1. The rule for contempt for failure to pay alimony is predicated upon the judgment in the divorce case ordering the husband to pay alimony, and the "contempt proceeding is an incident of the alimony suit." Goodrum v. Goodrum, 202 Ga. 135 (4) (42 SE2d 450); Bilbo v. Bilbo, 167 Ga. 602, 603 (146 SE 446); Blackburn v. Blackburn, 201 Ga. 793 (1) (41 SE2d 519). Thus, this court has jurisdiction of the contempt proceeding.
Before the judgment of this court was made the judgment of the trial court, the wife filed her petition, which is what is before us, asking for additional attorney's fees for services rendered on the appeal of the case to the Supreme Court. The husband made an oral motion to dismiss the petition on the grounds that it set forth no ground upon which the relief sought could be granted and that there was no case pending in the trial court upon which a judgment could be rendered. After hearing, the trial court awarded the wife $200 additional fees.
The only question presented is whether the trial judge erred in failing to sustain the motion to dismiss the petition for the additional attorney's fees.
Prior to the adoption of Code Ann. 30-219 (Ga. L. 1947, p. 292), the court clearly would not have had authority to grant the additional attorney's fees, for it is well established by decisions of this court that attorney's fees are a part of temporary alimony awarded for the purpose of enabling the wife to contest the issues between herself and her husband, and where a final decree is entered awarding the wife alimony and a divorce, the trial court is thereafter without jurisdiction to award additional attorney's fees. See Harrison v. Harrison, 208 Ga. 70 (65 SE2d 173)
, where this court in holding that, gave as its reason therefor that "the right to temporary alimony, including attorney's fees, rests upon an existing conjugal relation; and a final verdict and decree of divorce having been granted to the parties prior to the institution by the former wife of the ancillary motion or petition for attorney's fees, the marital relation was entirely dissolved and destroyed, thereby extinguishing the rights of the former wife to recover and the liability of the former husband to pay temporary alimony." See also Luke v. Luke, 159 Ga. 551 (126 SE 374)
; Wise v. Wise, 157 Ga. 814 (122 SE 210)
; Durham v. Durham, 160 Ga. 586 (128 SE 788)
; Glenn v. Hill, 50 Ga. 94
; Hall v. Hall, 141 Ga. 361 (80 SE 992)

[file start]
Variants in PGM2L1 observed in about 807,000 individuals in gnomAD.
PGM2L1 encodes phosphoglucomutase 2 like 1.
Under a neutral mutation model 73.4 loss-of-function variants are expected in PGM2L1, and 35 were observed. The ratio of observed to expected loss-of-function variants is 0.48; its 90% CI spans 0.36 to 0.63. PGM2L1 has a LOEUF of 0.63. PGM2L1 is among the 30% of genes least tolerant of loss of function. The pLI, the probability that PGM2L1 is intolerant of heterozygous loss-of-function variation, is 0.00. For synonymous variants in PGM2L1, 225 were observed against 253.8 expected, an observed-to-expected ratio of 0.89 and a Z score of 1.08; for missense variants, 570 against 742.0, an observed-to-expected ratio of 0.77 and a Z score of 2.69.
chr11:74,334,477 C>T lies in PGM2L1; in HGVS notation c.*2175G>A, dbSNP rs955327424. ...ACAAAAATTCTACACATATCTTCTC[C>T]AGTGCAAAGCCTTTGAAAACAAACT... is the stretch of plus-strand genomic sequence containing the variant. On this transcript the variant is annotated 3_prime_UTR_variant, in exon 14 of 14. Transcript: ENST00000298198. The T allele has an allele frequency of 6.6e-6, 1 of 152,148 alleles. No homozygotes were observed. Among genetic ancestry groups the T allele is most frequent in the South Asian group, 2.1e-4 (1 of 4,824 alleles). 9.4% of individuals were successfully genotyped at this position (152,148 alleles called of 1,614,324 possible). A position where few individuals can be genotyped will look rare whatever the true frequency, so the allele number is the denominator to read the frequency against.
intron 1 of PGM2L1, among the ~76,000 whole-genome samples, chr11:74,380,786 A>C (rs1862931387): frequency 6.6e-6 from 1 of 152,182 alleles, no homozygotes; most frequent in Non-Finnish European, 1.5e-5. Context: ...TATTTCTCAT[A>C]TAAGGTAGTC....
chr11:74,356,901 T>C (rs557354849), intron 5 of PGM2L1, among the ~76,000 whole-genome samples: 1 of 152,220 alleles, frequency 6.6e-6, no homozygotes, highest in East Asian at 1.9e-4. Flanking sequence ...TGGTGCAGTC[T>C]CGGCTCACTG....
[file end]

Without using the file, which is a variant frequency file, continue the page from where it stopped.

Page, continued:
However, the Act of 1947 (Code Ann. 30-219) was apparently enacted for the express purpose of permitting attorney's fees to the wife in a contempt action brought for failure to pay an alimony award after the divorce decree has become final, for it provides that "In all cases wherein alimony has been awarded . . . and the defendant shall have failed to pay such alimony and he shall be cited for contempt before the court for having failed to make payment of such alimony, if upon hearing of such proceedings it is found that the husband has failed to pay the alimony awarded against him . . . for no justifiable reason, the court shall award to the attorney for the wife . . . in such proceedings a reasonable fee . . . against the defendant . . ." This section clearly authorizes the award of attorney's fees in a contempt proceeding brought to force a husband to pay alimony awarded, where he has no justifiable reason for failing to make the payments awarded after there has been a final divorce decree for the language, "In all cases where alimony has been awarded," is all inclusive.
The original award of $300 attorney's fees was "on account," that is for services rendered in the contempt proceeding to that date. There is no argument about that. It was paid. The $200 was awarded for services rendered on appeal of the case to the Supreme Court. The statute authorizes an award of attorney's fees, where the failure to pay is for no justifiable reason. The issue of "justifiable reason" was not finally determined until the judgment of the trial court was affirmed by this court. The contempt citation was a pending proceeding until terminated by the judgment of the Supreme Court, and under the statute the judge was authorized to award attorney's fees for services rendered from the beginning of the citation to its final conclusion.
It should be noted that the Harrison case, supra, decided in 1951 after enactment of Code Ann. 30-219 (1947), did not involve a contempt citation and the section would not be applicable to the facts in that case.
3. As pointed out in Headnote 1, the contempt proceeding is predicated upon the judgment awarding alimony and is incident to that case; however, Code Ann. 30-219 expressly authorizes an award of attorney's fees for the wife bringing the contempt action, and a petition for allowance of such fees is incident to the contempt proceeding and will lie.
4. The trial court did not err in awarding the wife attorney's fees for services of her attorneys in representing her in the contempt proceeding in the Supreme Court.
Nall, Miller, Cadenhead & Dennis, A. David Kohn, contra.